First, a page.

Definitions of trust typically refer to a situation characterised by the following aspects: One party (trustor) is willing to rely on the actions of another party (trustee); the situation is directed to the future ( http://en.wikipedia.org/wiki/Trust_(social_sciences) Wikipedia)
Trust plays an important role in the sharing and use of knowledge. If people believe they will benefit from sharing their knowledge — either directly or indirectly — they are more likely to share. The use to which people put the knowledge of others often depends on whether they know and trust the source of the knowledge. For example, people are more likely to believe and use the equation e = mc2 knowing that it came from a renowned physicist rather than from a newly employed intern. This is an example of why KM efforts that focus primarily on technology are not always sufficient. Studies show that, more frequently than not, people will contact someone they know before they search the corporate database or data warehouse. Technology is an important enabler to the success of KM. But people make or break it.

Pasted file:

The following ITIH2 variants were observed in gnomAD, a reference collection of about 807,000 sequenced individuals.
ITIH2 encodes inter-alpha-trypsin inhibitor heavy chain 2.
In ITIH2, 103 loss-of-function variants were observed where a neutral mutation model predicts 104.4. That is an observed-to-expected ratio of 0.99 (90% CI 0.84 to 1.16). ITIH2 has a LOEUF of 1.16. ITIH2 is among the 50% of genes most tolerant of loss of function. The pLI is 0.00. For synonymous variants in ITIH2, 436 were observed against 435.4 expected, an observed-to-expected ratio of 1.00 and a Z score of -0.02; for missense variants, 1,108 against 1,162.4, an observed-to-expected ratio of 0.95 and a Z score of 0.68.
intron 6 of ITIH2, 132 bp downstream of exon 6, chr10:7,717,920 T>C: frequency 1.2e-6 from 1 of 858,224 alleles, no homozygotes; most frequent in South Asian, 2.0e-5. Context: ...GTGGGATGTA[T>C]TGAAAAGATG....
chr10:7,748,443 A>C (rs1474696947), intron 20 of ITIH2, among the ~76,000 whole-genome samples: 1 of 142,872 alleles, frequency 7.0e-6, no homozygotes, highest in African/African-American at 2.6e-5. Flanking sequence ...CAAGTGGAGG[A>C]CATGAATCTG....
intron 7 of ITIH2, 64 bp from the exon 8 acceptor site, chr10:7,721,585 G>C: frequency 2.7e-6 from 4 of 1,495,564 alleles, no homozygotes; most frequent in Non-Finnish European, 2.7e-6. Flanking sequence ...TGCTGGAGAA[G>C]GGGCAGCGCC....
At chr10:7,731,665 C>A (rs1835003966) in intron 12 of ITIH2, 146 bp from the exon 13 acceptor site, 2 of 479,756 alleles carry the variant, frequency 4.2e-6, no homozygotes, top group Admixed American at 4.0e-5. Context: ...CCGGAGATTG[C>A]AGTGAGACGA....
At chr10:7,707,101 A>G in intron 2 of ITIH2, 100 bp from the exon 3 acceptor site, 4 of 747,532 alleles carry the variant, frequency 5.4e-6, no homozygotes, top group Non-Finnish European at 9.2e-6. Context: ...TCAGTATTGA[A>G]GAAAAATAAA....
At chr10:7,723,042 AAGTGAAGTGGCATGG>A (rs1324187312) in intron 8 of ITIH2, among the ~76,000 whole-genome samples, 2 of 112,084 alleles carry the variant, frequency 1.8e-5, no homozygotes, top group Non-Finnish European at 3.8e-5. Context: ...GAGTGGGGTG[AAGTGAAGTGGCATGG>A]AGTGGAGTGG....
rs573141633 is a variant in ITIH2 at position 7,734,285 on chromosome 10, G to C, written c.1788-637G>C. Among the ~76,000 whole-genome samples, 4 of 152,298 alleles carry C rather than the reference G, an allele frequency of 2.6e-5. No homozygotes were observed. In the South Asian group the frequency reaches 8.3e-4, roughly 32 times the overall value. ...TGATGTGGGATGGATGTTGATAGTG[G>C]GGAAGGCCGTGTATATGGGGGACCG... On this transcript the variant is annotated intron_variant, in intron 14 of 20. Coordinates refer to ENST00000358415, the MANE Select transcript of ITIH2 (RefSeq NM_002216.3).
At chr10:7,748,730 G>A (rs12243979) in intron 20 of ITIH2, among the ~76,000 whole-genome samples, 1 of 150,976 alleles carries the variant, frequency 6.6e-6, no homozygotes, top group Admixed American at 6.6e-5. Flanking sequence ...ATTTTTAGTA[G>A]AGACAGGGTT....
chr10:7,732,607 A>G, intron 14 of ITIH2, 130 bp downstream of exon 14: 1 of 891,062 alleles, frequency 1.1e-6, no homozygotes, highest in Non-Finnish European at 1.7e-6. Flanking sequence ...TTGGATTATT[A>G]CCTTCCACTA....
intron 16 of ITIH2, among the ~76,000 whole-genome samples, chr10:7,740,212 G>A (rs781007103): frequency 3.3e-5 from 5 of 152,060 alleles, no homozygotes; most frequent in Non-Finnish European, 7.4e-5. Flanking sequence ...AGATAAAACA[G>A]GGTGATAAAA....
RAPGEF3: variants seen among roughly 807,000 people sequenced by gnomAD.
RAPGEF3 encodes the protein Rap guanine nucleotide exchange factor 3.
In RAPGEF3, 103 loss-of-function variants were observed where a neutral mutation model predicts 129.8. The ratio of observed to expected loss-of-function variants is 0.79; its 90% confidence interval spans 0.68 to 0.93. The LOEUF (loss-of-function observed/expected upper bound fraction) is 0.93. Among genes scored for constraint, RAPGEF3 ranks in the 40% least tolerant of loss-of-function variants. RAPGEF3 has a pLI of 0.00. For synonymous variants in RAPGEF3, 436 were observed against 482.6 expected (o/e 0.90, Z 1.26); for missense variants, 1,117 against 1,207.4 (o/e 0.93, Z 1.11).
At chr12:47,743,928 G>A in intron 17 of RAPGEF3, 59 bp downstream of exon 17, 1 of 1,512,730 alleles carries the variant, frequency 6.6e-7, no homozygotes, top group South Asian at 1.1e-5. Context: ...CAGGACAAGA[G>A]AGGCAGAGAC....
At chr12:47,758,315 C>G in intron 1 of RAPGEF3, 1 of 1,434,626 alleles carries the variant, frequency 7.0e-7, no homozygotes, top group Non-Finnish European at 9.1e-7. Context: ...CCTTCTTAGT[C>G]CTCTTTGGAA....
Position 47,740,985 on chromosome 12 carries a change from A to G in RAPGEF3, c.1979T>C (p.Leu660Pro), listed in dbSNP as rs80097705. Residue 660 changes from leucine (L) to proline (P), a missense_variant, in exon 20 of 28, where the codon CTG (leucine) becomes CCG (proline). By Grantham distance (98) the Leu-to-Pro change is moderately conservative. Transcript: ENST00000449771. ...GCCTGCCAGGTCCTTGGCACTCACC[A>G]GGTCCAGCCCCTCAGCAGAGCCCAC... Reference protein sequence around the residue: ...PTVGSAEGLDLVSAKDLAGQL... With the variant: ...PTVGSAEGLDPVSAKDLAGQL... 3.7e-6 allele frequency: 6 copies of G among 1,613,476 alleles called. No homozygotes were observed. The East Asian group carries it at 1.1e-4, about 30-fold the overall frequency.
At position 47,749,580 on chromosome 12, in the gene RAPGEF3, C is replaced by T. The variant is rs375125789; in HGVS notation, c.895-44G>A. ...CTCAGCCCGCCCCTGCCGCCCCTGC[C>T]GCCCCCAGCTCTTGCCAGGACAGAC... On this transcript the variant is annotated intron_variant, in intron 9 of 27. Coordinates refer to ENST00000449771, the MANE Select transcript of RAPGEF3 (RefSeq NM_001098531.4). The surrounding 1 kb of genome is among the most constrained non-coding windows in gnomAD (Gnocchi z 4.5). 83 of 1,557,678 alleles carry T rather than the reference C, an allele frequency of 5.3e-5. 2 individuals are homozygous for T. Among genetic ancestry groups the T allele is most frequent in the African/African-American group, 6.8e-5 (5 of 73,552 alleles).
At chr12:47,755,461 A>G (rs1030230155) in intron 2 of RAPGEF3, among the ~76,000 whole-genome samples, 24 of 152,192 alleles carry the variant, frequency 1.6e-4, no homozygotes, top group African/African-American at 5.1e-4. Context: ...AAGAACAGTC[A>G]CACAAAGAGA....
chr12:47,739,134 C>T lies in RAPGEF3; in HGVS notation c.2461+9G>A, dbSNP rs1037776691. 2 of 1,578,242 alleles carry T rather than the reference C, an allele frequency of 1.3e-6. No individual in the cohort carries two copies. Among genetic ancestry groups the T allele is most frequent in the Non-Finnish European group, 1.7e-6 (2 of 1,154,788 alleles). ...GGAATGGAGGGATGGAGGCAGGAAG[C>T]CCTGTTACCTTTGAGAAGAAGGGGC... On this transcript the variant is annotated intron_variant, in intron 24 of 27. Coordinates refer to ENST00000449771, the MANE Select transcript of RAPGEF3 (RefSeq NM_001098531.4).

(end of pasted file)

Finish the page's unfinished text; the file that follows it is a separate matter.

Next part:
A high level of trust creates a safer environment for knowledge sharing!
There are two major types of trust:
- personal trust
- knowledge or topical trust (trust in another person's skills and knowledge)
One might not trust a co-worker on a personal level, but still might trust in his skills and knowledge - trust his professional judgment. However, personal and knowledge trust are usually related and most people prefer to work with those about whom they fell positive about.
If the trust level is high, people feel that:
- sharing their knowledge is safe and will not have negative consequences,
- there is some reciprocal value (either immediately or at some point in future) that they get back for sharing their knowledge